Polk State’s youngest and oldest graduates have more in common than you may think

Posted on by Polk Newsroom

They have 55 years between them, but Polk State College’s youngest and oldest spring 2019 graduates have more in common than you may think.

Miles Carson, 17, and Toni Hession, 72, will receive Bachelor of Applied Science in Supervision and Management degrees as part of Polk State’s 120th class, and that’s not the only similarity.

Carson and Hession both concentrated in Business Administration with goals of starting their own businesses one day. They were attracted to Polk State because of the affordability and flexibility of the BAS program, and they echo similar advice for their peers and aspiring students.

“Do it – go for it,” Hession said. “You never know what life holds and you should never be satisfied with your comfort zone. Get your degree – you will not be disappointed.”

“I encourage them to go for their degrees – it will only open opportunities,” Carson said.

Carson is Polk State’s youngest student to achieve a bachelor’s degree yet.

While he skipped the fourth and fifth grades and achieved his Associate in Arts degree at 16 when he graduated from Polk State Chain of Lakes Collegiate High School, he wasn’t always ahead of the game.

In second grade, he was held back while he struggled with reading, but Carson persevered.

“I didn’t love school when I was younger, but I knew I had to do it so I set my sights on doing it fast,” he said. “I figured out how to work smarter, not harder, and learned that you should always put your best effort forward.”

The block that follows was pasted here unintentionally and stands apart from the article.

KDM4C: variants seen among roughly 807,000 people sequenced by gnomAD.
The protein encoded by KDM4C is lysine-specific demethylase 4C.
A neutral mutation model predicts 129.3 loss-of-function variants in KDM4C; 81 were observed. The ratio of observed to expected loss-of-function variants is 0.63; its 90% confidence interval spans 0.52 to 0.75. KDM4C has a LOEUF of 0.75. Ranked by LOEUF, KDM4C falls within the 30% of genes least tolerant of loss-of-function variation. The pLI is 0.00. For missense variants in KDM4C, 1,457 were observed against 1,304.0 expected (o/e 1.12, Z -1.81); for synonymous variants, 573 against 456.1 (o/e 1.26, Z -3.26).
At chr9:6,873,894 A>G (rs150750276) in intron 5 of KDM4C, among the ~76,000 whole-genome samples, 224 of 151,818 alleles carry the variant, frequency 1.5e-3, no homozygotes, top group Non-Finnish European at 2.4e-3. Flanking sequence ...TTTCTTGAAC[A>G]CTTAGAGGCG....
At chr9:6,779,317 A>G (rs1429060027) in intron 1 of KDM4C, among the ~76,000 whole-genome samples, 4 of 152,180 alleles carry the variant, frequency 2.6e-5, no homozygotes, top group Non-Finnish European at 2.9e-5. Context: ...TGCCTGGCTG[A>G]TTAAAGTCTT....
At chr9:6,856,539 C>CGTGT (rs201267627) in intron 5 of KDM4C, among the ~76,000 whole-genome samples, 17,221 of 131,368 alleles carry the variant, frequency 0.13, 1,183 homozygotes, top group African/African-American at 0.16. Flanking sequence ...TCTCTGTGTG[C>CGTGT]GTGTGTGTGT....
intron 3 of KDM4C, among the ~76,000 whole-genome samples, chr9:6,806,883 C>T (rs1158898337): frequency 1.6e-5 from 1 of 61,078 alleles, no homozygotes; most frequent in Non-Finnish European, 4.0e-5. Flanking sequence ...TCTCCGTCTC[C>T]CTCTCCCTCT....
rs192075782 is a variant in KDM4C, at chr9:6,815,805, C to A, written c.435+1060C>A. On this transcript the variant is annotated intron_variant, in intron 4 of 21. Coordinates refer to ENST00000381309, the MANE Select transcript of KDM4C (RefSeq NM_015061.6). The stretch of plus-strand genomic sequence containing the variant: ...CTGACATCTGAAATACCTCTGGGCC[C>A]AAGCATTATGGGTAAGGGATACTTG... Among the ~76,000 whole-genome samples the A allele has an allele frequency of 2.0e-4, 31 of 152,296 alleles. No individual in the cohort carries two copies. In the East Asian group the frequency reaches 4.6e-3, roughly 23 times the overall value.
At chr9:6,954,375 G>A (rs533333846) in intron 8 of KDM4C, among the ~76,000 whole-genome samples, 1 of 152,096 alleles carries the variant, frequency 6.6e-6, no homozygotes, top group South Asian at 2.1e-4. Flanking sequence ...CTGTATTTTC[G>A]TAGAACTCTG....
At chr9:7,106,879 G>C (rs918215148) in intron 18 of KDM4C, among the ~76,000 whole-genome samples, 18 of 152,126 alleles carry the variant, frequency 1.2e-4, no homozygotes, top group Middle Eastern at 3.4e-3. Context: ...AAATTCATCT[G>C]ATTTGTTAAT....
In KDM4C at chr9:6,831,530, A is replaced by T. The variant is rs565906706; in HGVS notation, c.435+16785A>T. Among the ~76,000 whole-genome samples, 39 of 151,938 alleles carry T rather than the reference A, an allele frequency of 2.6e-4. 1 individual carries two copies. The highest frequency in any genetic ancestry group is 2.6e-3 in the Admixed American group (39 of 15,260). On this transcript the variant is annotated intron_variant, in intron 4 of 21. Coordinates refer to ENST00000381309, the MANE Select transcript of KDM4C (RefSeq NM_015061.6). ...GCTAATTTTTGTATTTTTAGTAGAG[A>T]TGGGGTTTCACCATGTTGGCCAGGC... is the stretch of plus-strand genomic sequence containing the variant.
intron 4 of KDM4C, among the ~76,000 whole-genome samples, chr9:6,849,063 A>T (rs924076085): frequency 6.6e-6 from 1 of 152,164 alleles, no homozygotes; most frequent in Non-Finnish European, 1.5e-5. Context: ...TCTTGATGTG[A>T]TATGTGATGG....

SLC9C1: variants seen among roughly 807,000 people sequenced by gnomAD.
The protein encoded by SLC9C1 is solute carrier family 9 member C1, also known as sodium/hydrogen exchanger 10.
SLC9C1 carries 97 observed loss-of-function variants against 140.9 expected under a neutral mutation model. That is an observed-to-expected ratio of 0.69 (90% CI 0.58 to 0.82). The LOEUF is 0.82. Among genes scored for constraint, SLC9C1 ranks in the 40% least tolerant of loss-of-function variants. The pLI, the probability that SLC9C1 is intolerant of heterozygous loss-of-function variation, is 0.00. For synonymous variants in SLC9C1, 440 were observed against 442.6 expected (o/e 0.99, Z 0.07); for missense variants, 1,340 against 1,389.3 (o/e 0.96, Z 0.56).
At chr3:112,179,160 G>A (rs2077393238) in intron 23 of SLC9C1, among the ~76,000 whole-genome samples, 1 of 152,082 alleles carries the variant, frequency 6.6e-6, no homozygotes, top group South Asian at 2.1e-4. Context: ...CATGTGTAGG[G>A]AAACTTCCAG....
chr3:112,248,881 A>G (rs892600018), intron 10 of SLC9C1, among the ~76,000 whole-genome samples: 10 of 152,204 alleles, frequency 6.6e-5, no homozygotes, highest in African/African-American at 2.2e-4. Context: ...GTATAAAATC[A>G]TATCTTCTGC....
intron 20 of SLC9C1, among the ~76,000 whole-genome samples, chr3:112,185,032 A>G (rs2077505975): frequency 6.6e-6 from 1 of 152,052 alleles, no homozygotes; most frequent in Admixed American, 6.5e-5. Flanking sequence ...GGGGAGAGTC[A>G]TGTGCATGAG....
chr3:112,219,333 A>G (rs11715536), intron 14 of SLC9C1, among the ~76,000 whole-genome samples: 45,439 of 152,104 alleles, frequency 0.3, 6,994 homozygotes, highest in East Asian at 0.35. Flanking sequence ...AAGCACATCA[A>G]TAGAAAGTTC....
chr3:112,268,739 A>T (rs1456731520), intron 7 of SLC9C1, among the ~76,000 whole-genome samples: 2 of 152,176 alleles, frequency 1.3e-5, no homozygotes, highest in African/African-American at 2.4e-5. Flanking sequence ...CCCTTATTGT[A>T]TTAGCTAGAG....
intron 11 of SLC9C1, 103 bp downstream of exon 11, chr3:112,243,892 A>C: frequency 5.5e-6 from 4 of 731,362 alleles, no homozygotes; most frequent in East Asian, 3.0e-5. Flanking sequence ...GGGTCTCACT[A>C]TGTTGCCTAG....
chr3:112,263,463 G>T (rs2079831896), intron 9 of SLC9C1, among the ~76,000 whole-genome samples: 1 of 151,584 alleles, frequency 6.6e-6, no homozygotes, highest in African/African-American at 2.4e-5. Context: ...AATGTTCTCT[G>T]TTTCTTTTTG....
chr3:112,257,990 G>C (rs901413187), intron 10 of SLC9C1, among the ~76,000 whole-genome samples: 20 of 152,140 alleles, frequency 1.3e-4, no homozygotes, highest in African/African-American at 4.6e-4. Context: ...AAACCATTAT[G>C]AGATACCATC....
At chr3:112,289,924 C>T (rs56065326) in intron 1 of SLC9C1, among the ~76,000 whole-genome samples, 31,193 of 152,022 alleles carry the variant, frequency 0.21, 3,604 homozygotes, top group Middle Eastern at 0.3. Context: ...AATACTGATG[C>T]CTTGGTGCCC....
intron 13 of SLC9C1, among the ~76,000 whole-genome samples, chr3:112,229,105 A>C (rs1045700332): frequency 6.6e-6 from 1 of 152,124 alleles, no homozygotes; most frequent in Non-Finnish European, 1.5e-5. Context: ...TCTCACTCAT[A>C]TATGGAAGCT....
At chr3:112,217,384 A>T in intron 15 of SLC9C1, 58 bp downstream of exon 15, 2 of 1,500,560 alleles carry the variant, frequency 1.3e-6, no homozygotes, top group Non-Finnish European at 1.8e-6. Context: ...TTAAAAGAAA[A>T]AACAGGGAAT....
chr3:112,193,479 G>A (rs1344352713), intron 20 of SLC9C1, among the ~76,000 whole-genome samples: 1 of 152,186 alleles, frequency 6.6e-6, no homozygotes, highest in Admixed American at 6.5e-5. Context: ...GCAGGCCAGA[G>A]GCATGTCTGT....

Now Carson has his eyes set on the University of Florida’s one-year Master of International Business program. He’s interested in economics and human resources and aspires to work as a marketing director or manager of a hedge fund with the long-term goal of starting his own business.

Hession, too, plans to start her own business with the education and skills she has received at Polk State.

She always wanted to go to college, but it was financially out of reach after high school. She married, had three children, and worked a slew of jobs in areas including railroad operations, accounts payable, and sales.

In retirement, Hession moved from Alabama to Florida and started working part-time as a school nutrition assistant with Polk County Public Schools.

“I decided it was finally time to get my college degree, not only because it was something I always wanted to do, but because it would also serve as a good example for my daughters and granddaughters,” said Hession, who achieved her Polk State Associate in Science in Business Administration in 2014.

She received financial assistance through a Federal Pell Grant, like 41 percent of Polk State students, and benefited from flexible course options in-person and online, which allowed her to complete degree requirements on her own terms, like 75 percent of Polk State students who attend part-time.

Motivated by her daughter, who received a Polk State Bachelor of Applied Science in Supervision and Management with a concentration in Business Information Technology, Hession said she was determined to achieve her degree as an example for her grandchildren.

“I wanted to show my grandkids that no matter what, you can do it,” said Hession, whose granddaughter plans to pursue a Polk State Nursing degree.

Inspired by Pinterest, Hession aspires to monetize a blog and develop an online business.

“I may be 72, but there are things that I am just getting started on in life and I am excited for what’s ahead for me,” she said. “My age does not define me.”

Carson’s photo is courtesy of Stephanie Claytor with Spectrum Bay News 9.